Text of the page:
Learn more

The first paragraph describes the process of community engagement—its characteristic methodological features. The second paragraph elaborates on the purpose of community engagement—the reasons why students, researchers, and community partners might choose to collaborate.

SFU’s 2013 community engagement strategy formally adopted the first paragraph of Carnegie’s definition (p.2). This informed a lot of work, including SFU’s Community Engagement Initiative, the Warren Gill Award for Community Impact, SFU Public Square, and many other successful initiatives. It also helped frame the wide subsequent conversations that led to the development of Authenticity & Impact—SFU’s Strategic Community Engagement Plan in 2019, which additionally incorporated the purpose paragraph (p.9), thus building its recommendations upon Carnegie’s full definition of community engagement.

The benefits of the Carnegie definition

It situates community engagement right at the heart of the academic mission.

The purpose described in the Carnegie definition often captures the attention and imaginations of people who are curious about community engagement. Ideas like “democratic values,” addressing “critical societal issues,” and contributing “to the public good” are great at inspiring passion and igniting a desire to do good in the world.

But it’s the process description that highlights why community engagement works:

  • Collaborative relationships
  • Knowledge exchange
  • Reciprocity (and respect)

The Carnegie definition doesn’t assert that community engagement is anything new—instead, it takes as a given that pursuing the purpose of community engagement has a natural foundation within the academic mission. By explicitly framing community engagement as an “exchange of knowledge,” the definition asserts that the unique value of community engagement arises because it is a scholarly pursuit based in collaboration and reciprocity. Or to put it plainly:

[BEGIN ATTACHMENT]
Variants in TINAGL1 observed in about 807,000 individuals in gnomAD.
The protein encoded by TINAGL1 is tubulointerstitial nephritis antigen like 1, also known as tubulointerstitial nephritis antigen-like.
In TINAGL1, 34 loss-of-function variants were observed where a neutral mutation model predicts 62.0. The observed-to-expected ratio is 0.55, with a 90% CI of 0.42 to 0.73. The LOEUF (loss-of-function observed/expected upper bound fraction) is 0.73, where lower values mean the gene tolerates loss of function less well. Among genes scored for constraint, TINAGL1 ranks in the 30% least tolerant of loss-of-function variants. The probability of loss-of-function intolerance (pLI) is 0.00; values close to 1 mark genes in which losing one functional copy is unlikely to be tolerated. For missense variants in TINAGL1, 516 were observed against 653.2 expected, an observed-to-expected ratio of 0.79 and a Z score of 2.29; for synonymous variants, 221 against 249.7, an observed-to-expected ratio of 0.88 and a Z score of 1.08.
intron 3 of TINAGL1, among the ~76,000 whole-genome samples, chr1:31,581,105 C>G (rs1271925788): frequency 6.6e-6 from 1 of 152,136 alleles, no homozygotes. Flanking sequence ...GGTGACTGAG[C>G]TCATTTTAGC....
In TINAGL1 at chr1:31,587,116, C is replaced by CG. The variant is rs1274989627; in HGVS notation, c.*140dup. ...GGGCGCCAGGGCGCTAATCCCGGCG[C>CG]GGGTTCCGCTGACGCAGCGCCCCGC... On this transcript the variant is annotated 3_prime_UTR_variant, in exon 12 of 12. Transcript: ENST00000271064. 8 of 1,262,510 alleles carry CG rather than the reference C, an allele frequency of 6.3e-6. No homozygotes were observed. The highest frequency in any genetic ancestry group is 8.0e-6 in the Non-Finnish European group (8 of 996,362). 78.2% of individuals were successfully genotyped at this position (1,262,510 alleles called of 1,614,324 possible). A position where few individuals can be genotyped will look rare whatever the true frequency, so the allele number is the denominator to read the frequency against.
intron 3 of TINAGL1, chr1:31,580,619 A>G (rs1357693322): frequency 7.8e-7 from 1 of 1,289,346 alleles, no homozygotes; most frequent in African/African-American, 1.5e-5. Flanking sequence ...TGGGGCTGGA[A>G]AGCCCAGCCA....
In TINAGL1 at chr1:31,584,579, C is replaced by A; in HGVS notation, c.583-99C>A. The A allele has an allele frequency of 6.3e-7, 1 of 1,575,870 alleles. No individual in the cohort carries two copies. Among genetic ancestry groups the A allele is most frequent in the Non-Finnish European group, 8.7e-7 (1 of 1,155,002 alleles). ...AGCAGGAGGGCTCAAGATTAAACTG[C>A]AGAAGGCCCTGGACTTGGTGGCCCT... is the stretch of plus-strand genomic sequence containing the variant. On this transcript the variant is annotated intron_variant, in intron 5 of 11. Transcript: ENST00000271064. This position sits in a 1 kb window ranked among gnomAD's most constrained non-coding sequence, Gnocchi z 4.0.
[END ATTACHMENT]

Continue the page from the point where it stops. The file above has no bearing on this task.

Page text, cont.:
Community engagement is an approach to teaching, research, and scholarship. By bringing the community and university together to share knowledge, wisdom, and resources, we strengthen how we learn, deepen what we know, and have more impact on issues that matter.

The Carnegie definition enables responsible strategic decision making and resource allocation.

The words community and engagement mean many things to many people. Much of the time, these meanings don’t describe anything explicitly scholarly, making it difficult for a post-secondary institution to target and responsibly resource community engagement.

SFU’s 2020 ThoughtExchange asked, “Community engagement at SFU: what’s working well and what isn’t?” Across the 633 responses, general characterizations of community engagement included the following:

  • Working with community partners on issues that matter to them
  • Consulting people in the community for the purposes of gaining permission and/or as data sources
  • Internal communications to students, staff, and faculty (the “SFU community”)
  • SFU students only (also the “SFU community”)
  • Individual campus populations (e.g. Vancouver campus community)
  • Community outreach for the purposes of knowledge mobilization
  • Community outreach for the purposes of recruitment

In a time of economic constraint, it’s especially important for Canadian post-secondary institutions to responsibly allocate resources and administrative supports to scholarly practices that advance the academic mission. But many of the above characterizations are not about research, teaching, or scholarship.

In contrast, the Carnegie definition situates community engagement firmly as a relationally focussed scholarly practice, providing welcome clarity for key strategic considerations:

  • It helps guide defensible funding decisions.
  • It provides a frame for evaluating and stewarding institutional partnerships for their potential to contribute to academic outcomes.
  • It can be used to identify exemplary work so that it can be properly recognized, generalized, and innovated upon.